Camping: No, Larapinta Trail walkers only at a designated spot nearby.
Larapinta Trail: Section 7/8 junction
Serpentine Gorge is rarely visited by tourists to the West Macs. The small gorge and waterhole isn’t as spectacular as the other spots on the Red Centre Way, but the short walk up to the lookout is the real highlight of a visit.
The gorge can be accessed on a 3km unsealed road that can be a little rough but doable in a 2WD if it’s dry (although not suitable for caravans and buses). From the car park, it’s just a 1km walk to the waterhole which is a peaceful spot, often shady and cool from the sun. However, you’ll want to make the trip up to the lookout, if you have the time.
Serpentine Gorge walks
The short 15-minute climb to the Serpentine Gorge Lookout is worth it for beautiful views over the gorge and across the West MacDonnell Ranges in the distance. You’ll likely have it almost to yourself, with very few people bothering to make the trip there.
Neil Hargrave Lookout
Distance from Alice Springs: 107km
Facilities: Non-drinking water, shelter and tables
Camping: Yes, free 24 hour limit
Between Ellery Creek and Ormiston Gorge, this lookout and free camp is a great spot to check out on a road trip to the West MacDonnell Ranges. The beautiful panoramic views look right across the ranges and it’s especially spectacular at sunset and sunrise.
There is a Telstra tower there, as well as fire pits, a shelter, and tables for a picnic. You’re permitted to camp there for a maximum of 24 hours.
Distance from Alice Springs: 112km
Facilities: Toilets and tables
Larapinta Trail: Detour off section 9
A bit further down the road, it’s worth stopping at the Ochre Pits if you have the time. The local Arrernte people have mined the ochre there for ceremonies for thousands of years. You can walk down to the pits, just 300m from the car park and see the incredible colours produced by the natural clay. It’s still used today, with local Traditional Owners permitted to mine the ochre for ceremonies and decoration. This doesn’t mean that anyone can take the ochre though, so please refrain from touching the rocks and clay.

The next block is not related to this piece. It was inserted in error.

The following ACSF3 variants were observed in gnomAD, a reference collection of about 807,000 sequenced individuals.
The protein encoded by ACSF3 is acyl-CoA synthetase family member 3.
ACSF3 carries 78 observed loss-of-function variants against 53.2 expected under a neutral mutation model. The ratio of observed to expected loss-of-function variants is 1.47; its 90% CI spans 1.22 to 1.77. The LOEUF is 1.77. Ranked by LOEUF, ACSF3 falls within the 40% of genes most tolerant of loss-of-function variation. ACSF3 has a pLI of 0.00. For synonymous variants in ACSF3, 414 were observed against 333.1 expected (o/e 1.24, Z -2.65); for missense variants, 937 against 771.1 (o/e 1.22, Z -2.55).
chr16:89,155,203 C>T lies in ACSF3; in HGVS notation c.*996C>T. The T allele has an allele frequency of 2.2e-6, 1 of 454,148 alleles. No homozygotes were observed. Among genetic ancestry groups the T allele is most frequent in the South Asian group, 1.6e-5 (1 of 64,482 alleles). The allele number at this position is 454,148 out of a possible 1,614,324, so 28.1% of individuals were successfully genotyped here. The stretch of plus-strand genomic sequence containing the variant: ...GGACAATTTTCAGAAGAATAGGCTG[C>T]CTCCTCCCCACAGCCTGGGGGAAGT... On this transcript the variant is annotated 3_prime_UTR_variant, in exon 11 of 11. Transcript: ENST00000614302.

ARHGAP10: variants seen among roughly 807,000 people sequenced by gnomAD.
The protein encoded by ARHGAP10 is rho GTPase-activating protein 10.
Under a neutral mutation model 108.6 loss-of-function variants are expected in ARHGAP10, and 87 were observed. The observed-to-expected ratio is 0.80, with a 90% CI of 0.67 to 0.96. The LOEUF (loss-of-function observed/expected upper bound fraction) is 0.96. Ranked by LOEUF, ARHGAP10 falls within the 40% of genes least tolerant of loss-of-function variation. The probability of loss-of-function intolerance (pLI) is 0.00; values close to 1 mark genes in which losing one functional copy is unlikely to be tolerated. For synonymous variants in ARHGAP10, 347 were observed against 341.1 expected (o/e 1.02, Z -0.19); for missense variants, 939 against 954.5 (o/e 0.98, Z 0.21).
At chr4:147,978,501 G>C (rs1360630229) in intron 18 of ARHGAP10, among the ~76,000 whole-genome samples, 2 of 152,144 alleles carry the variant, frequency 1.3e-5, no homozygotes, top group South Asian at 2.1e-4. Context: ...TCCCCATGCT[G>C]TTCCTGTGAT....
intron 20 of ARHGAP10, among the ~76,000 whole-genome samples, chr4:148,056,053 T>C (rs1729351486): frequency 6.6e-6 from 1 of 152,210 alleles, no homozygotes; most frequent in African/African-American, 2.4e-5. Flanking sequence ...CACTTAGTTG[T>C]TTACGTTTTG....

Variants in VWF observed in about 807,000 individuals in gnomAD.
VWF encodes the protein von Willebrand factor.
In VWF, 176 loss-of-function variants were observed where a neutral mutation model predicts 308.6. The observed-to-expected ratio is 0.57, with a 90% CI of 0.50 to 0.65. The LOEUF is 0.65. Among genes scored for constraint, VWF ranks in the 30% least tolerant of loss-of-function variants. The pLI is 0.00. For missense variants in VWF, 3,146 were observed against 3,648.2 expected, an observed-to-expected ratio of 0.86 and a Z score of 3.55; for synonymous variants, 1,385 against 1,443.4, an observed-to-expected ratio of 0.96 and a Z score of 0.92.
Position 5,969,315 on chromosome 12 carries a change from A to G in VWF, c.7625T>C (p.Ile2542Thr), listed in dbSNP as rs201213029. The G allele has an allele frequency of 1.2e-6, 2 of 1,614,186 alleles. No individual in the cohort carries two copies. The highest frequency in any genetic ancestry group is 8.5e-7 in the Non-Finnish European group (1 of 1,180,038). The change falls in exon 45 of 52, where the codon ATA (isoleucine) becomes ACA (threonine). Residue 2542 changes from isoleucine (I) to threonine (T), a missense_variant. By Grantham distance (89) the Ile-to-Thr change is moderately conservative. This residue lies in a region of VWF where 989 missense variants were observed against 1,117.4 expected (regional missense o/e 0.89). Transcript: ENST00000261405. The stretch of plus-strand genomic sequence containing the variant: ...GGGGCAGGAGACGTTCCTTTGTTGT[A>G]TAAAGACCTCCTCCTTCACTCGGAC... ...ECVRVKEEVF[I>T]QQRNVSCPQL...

Ochre Pits walk
You can also opt for the 8km Aranda walk if you’re prepared for a good day walk. It takes you from the Ochre Pits to the Inarlanga Pass, which is on the Larapinta Trail. This remote gorge is a highly sacred site for the local Aboriginal people who used it as the passageway through the West Macs on the way to ceremonies. While the 8km return walk is not overly difficult, you will want to carry plenty of water with you as it’s quite exposed.
Distance from Alice Springs: 135km
Facilities: Toilets, showers, water, café/kiosk, shelter, BBQs and tables
Camping: Yes, $10 per person per night
Larapinta Trail: Section 9/10 junction
What many people describe as outback Australia’s only “beach”, Ormiston Gorge is a completely unique spot in the West MacDonnell Ranges. It’s also the clear favourite for many people, so be prepared to want to spend at least a full day there. It’s known as Kwartatuma by the Arrernte people, who have significant dreamtime stories related to the gorge.
It’s an incredibly stunning place that gets better the longer you stay and the more you explore. The main entrance to the gorge is just 500m from the car park on a flat trail accessible by everyone, including wheelchairs. Once you reach it, you’ll come to a sandy bank and the first waterhole at the base of towering red walls. While this might already have you in awe, it gets better!